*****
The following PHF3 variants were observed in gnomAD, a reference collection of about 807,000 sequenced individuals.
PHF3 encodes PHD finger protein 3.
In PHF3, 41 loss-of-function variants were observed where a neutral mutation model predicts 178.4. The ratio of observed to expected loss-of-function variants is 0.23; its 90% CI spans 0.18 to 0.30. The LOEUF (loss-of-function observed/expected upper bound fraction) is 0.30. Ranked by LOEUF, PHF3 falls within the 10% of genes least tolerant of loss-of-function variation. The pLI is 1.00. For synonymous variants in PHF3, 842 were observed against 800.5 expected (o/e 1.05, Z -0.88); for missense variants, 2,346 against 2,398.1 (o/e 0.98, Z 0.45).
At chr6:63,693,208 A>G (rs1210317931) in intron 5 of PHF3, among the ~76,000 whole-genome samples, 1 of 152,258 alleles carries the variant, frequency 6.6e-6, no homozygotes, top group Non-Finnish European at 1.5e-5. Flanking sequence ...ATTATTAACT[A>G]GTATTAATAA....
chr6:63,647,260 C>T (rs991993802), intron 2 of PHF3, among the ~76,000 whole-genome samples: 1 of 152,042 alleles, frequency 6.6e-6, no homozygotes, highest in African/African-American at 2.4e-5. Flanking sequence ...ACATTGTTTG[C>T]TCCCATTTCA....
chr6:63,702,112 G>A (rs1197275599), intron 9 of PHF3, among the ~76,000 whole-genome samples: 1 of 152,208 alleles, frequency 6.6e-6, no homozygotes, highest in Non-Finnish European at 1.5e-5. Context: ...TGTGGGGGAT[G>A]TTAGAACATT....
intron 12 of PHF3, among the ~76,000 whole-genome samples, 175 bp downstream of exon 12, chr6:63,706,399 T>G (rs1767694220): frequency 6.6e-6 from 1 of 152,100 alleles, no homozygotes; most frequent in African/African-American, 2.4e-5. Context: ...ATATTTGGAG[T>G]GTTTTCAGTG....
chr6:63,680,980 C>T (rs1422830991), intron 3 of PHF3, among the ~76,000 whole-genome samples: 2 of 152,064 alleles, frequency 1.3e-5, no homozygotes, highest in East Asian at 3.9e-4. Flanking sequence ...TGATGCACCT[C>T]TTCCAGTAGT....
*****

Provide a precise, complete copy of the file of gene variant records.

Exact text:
The following PHF3 variants were observed in gnomAD, a reference collection of about 807,000 sequenced individuals.
PHF3 encodes PHD finger protein 3.
In PHF3, 41 loss-of-function variants were observed where a neutral mutation model predicts 178.4. The ratio of observed to expected loss-of-function variants is 0.23; its 90% CI spans 0.18 to 0.30. The LOEUF (loss-of-function observed/expected upper bound fraction) is 0.30. Ranked by LOEUF, PHF3 falls within the 10% of genes least tolerant of loss-of-function variation. The pLI is 1.00. For synonymous variants in PHF3, 842 were observed against 800.5 expected (o/e 1.05, Z -0.88); for missense variants, 2,346 against 2,398.1 (o/e 0.98, Z 0.45).
At chr6:63,693,208 A>G (rs1210317931) in intron 5 of PHF3, among the ~76,000 whole-genome samples, 1 of 152,258 alleles carries the variant, frequency 6.6e-6, no homozygotes, top group Non-Finnish European at 1.5e-5. Flanking sequence ...ATTATTAACT[A>G]GTATTAATAA....
chr6:63,647,260 C>T (rs991993802), intron 2 of PHF3, among the ~76,000 whole-genome samples: 1 of 152,042 alleles, frequency 6.6e-6, no homozygotes, highest in African/African-American at 2.4e-5. Flanking sequence ...ACATTGTTTG[C>T]TCCCATTTCA....
chr6:63,702,112 G>A (rs1197275599), intron 9 of PHF3, among the ~76,000 whole-genome samples: 1 of 152,208 alleles, frequency 6.6e-6, no homozygotes, highest in Non-Finnish European at 1.5e-5. Context: ...TGTGGGGGAT[G>A]TTAGAACATT....
intron 12 of PHF3, among the ~76,000 whole-genome samples, 175 bp downstream of exon 12, chr6:63,706,399 T>G (rs1767694220): frequency 6.6e-6 from 1 of 152,100 alleles, no homozygotes; most frequent in African/African-American, 2.4e-5. Context: ...ATATTTGGAG[T>G]GTTTTCAGTG....
chr6:63,680,980 C>T (rs1422830991), intron 3 of PHF3, among the ~76,000 whole-genome samples: 2 of 152,064 alleles, frequency 1.3e-5, no homozygotes, highest in East Asian at 3.9e-4. Flanking sequence ...TGATGCACCT[C>T]TTCCAGTAGT....